The people of Ekumfi Ekumpoano, a small, quiet fishing village of about 500 people, located 13 kilometres off the main Accra-Mankessim Road from Essarkyer in the Central Region celebrated their annual Afahye Festival last weekend. It was all drumming, singing and dancing at Ekumfi Ekumpoano last Friday and Saturday.
According to 100-year-old Akora Kwame Korsah, one of the Kingmakers of the village, Eku Akyen, who came from Mankessim Edumadze to settle at their present location, founded the village. The village eventually became Ekumpoano after the founder. More people joined him at his settlement when he married Aberema from the next village called Abiram.
Akora mentioned that Eku came to settle with his sister Ekua Akyeneba, whose sons, Nana korsah and Kwame Korsaah became the first Odikro and Abusuapanyin respectively of Ekumpoano.
The festival, which is preceded by rituals and preparations which last 26 weeks after they call Ahobaa, which involves libation pouring and other activities in remembrance of the ancestors, reaches its climax on the last Saturday of November. The Ahobaa is a ceremony held in June in remembrance of their ancestors. The 26 weeks, each known as “Egow”, are counted after which the festival is held in the last week.
During the 20th “Egow”, a bonfire known as Otse is made and everyone takes part, picking two branches from the fire, which is waved to create a beautiful cascade of fire. For the next four weeks at midnight on Sundays, the Otse is held amidst drumming and dancing and this is intended to cement the bonds of brotherliness that exist among the people.
The last week before the climax is devoted to rituals, which aims at cleansing the village of all its ills and misfortunes, and to clear the way for more fruitful and prosperous year.
The high point of the festival is on Saturday night when the god of the village, Obosom Seigura, visits its subjects in a breathtaking ceremony that is revered by the people.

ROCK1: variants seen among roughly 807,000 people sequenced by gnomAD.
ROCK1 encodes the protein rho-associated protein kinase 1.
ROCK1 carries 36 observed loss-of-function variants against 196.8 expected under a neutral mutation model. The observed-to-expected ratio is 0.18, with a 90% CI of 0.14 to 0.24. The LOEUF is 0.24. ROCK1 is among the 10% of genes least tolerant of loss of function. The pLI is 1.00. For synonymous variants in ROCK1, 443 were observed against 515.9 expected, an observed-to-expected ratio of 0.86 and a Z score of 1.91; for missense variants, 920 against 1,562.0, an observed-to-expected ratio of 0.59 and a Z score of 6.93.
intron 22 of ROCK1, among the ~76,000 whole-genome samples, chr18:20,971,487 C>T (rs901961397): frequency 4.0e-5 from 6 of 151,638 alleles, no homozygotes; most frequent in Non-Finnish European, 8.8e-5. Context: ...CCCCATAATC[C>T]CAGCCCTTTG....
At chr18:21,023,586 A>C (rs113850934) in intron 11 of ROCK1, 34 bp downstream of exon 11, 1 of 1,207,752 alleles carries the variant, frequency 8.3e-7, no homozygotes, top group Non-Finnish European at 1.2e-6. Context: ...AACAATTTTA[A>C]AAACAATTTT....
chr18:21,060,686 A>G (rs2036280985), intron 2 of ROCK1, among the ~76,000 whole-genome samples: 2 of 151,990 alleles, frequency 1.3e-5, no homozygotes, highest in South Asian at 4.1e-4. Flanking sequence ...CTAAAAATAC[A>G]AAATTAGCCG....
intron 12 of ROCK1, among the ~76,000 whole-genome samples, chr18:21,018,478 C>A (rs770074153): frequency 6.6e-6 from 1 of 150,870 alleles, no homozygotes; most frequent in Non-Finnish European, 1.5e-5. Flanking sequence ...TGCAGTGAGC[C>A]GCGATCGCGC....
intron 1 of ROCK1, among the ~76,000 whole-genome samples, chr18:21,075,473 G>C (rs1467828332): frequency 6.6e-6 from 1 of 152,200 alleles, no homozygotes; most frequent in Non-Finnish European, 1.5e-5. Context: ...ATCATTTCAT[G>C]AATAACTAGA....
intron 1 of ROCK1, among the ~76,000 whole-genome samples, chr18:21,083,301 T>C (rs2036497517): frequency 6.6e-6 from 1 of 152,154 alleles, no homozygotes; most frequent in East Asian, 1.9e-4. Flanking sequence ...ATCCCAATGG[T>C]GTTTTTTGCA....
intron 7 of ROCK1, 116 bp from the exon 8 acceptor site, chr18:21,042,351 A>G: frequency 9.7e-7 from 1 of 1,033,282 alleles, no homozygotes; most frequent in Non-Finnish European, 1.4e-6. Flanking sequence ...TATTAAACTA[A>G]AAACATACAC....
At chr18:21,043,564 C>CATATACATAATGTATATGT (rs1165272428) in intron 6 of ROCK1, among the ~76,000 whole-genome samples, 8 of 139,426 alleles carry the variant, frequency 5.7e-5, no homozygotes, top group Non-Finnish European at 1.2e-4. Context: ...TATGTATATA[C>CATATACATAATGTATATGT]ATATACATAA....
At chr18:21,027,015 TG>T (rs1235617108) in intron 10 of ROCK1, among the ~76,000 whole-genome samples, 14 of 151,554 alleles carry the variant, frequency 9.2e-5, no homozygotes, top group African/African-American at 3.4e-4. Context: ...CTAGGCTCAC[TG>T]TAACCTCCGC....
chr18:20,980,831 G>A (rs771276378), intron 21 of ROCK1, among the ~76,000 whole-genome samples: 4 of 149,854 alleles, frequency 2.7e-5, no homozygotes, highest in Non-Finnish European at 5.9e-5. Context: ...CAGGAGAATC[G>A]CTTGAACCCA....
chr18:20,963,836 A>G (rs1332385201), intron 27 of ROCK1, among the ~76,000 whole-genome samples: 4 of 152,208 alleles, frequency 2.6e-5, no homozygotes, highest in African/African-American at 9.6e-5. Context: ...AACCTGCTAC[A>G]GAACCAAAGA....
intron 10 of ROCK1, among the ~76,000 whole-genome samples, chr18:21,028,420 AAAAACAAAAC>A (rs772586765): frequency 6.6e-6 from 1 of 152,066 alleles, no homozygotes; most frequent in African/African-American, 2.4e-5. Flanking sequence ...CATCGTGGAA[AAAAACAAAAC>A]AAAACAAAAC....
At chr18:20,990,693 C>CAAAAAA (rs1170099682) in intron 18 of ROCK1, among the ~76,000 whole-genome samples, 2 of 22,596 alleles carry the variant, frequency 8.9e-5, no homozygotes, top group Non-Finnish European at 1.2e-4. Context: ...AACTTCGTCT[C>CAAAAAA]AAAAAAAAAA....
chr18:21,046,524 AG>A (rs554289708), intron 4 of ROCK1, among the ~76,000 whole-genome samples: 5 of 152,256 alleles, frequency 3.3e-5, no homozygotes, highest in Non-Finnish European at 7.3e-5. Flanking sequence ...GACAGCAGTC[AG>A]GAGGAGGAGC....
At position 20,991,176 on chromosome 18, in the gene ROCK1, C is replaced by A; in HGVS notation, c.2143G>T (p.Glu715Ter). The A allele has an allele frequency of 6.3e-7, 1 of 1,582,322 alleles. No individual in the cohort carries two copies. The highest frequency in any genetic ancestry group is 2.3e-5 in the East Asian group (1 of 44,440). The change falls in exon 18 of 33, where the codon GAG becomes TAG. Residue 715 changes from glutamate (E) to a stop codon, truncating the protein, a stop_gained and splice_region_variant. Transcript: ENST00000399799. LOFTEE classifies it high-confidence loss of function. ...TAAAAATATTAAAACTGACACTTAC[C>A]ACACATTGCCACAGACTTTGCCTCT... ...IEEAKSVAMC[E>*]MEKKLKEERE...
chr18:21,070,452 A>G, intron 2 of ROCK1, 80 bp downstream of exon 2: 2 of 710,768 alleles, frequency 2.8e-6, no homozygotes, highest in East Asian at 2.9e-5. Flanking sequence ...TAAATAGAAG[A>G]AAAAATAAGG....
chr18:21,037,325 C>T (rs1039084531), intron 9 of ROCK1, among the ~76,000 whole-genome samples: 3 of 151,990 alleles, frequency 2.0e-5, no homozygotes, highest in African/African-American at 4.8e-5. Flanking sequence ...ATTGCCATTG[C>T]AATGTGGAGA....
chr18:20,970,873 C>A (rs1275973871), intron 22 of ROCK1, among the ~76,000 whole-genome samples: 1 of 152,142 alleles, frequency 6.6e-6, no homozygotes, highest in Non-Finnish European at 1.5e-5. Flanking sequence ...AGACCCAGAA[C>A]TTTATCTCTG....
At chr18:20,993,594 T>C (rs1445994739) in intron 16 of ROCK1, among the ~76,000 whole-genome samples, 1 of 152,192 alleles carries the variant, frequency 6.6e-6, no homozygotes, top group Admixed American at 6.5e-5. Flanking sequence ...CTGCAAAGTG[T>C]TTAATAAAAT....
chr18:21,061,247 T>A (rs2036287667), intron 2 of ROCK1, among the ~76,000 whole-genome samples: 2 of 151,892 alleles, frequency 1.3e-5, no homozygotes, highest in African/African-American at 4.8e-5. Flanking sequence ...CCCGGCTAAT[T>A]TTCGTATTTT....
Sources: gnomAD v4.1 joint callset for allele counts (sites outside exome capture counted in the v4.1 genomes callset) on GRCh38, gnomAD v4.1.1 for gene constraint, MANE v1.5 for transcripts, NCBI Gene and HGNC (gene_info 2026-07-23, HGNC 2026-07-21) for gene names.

In the morning of Saturday, with a lot of excitement and an infectious euphoria that is not easy to ignore, the Asafo company and the people gather at the end of the village.
At 11am last Saturday, the Asafo group, the only one in the village, with its two drums and four gongs, struck a danceable mid-tempo rhythm that got all the women bobbing up and down, bending with their torsos down while twisting and wriggling their backs, in a merry dance so infectious that more people joined as the company went through the village via the only main street in the village.
While the drums and gongs provide the beat, the people abandoned themselves to the joy of dancing to this cultural music, which had been performed by generations.
A couple of steps forward, a turn on their toes, with the left hand outstretched and other beautiful dance movements, all added up to bond members of this village together as had been one by their predecessors.
Through the village, past their small square, the central point in the village, to the beach and through the street that leads in and out of the village and back to the square, where they broke up to reassemble at 4pm for the final part of the celebration, which is woven around drumming, singing and dancing.
But perhaps what was to happen in the night, which most of the people spoke of with awe and the children with fright, was the appearance of the god.
With our curiosity heightened by several versions of how the god appears and vanishes, we were ready as early as 6pm to watch proceedings.